• Induction: A medically monitored beginning of MAT, which occurs when the patient is in the early stages of withdrawal.
  • Stabilization: An adjustment of the dosage until the patient is reporting no cravings and experiencing few, if any, side effects.
  • Maintenance: When the patient is doing well with a steady dose of medication, options for ongoing recovery are discussed. This can include either tapering off the medication altogether or continuing indefinitely to prevent relapse.

Isn’t MAT Simply Substituting One Addiction for Another?

People who’ve struggled with opioid addiction are often leery of medication assisted treatment because they believe that it’s best to get sober without any pills in their system. However, the medications used for treating opioid addiction do not result in getting high. The dosage is intended only to reduce cravings and withdrawal symptoms by balancing the brain circuits affected by addiction. This gives your brain time to heal as you work towards recovery.

Medication assisted treatment does not interfere with cognitive functioning. This means you can work, attend school, care for your children, and enjoy relationships with friends and family while receiving treatment.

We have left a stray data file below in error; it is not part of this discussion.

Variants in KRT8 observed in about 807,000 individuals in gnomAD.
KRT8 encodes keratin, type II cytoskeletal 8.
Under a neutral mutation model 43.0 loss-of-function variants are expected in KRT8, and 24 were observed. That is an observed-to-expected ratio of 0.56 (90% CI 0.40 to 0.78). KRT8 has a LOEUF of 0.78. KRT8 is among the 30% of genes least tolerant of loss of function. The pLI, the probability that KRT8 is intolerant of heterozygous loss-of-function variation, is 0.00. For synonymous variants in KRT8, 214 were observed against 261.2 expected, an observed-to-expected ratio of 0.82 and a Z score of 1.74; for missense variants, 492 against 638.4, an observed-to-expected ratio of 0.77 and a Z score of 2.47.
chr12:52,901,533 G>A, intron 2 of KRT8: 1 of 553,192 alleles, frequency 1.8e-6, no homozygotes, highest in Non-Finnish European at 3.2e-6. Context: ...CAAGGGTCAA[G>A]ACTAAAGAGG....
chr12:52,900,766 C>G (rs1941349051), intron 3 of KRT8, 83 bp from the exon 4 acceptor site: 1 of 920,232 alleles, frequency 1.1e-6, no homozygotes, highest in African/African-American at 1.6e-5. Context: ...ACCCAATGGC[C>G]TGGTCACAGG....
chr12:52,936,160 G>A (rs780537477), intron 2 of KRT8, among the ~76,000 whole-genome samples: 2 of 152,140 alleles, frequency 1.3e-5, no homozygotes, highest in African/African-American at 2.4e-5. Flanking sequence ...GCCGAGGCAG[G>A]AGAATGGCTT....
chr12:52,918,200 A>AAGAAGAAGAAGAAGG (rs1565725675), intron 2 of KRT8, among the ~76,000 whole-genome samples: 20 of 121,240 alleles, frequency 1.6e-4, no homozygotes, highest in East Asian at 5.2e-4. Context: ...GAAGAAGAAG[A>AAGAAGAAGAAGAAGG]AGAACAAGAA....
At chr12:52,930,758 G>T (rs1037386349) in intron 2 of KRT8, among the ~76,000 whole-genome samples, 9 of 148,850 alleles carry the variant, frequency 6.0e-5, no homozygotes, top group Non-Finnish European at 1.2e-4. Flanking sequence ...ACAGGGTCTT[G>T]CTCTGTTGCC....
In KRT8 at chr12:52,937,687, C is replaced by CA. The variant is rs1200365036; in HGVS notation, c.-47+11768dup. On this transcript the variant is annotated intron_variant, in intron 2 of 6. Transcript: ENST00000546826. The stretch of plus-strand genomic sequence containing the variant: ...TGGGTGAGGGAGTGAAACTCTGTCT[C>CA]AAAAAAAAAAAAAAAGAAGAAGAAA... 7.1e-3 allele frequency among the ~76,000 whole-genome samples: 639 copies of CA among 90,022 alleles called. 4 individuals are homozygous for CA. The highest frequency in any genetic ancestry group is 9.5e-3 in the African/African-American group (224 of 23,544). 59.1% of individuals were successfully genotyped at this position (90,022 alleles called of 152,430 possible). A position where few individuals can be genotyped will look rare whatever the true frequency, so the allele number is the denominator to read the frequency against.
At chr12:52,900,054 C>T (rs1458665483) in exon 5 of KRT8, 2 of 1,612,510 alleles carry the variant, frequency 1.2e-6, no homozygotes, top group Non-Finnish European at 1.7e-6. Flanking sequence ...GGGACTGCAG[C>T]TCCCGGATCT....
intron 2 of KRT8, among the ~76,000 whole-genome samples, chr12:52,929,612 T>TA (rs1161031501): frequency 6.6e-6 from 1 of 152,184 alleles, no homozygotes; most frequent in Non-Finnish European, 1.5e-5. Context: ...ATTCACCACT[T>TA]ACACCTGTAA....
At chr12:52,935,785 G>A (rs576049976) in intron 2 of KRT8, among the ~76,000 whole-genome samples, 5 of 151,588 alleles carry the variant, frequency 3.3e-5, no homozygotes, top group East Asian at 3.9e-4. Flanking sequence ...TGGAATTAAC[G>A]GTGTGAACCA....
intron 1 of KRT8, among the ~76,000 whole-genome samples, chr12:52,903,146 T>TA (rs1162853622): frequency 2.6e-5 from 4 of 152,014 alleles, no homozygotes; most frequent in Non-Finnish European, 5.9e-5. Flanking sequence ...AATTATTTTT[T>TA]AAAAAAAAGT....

Can Medications Cure Opioid Addiction?

Treatment for opioid addiction should combine medications with counseling to address the underlying issues contributing to substance abuse. Medications on their own are not a sufficient treatment for addiction, but using medication assisted treatment has been proven to improve retention rates in counseling programs.

Addiction is a chronic illness, so someone who suffers from opioid addiction will never be fully cured in the traditional sense. However, treatment can help an addict learn to manage cravings to live a full and productive life.

By Dana Hinders

One Comment

  1. Ashley February 5, 2018 at 10:56 pm - Reply

    I am currently on a medically assisted treatment for my addiction I do the suboxon treatment.I have struggled for years with this addiction constantly getting clean and then relapsing then getting clean again I went to prison and did 16 months came home remained clean then the day I got off parole my cravings kicked in I had always heard of suboxon but never knew the full details so I found a doctor and started treatment I’m into my 7th month of it and we are already weening me off due to my growth in my sobriety you have to not just take the suboxon but you must get into therapy and meetings and maintain a healthy balance in your life.I agree with medically assisted treatment it has reduced my cravings and has given me a piece of mind knowing that I can’t pick up because #1 I don’t want to.#2 because the suboxon blocks that part of my opioid receptors and also encourages new growth allowing my brain to heal not sure if that makes sense but it’s the best way for me to explain it.But no matter what us addicts must want to change or we won’t we have a choice everyday in recovery to leave it alone or pick it back up.once we make the wrong choice and pick up it’s a wrap the cycle starts all over again and bam we are back living that life.I however make the choice to not pick up every morning I wake up because I want a better life and with the help of my doctor my therapist and my support system it is possible. Thanks for letting me share.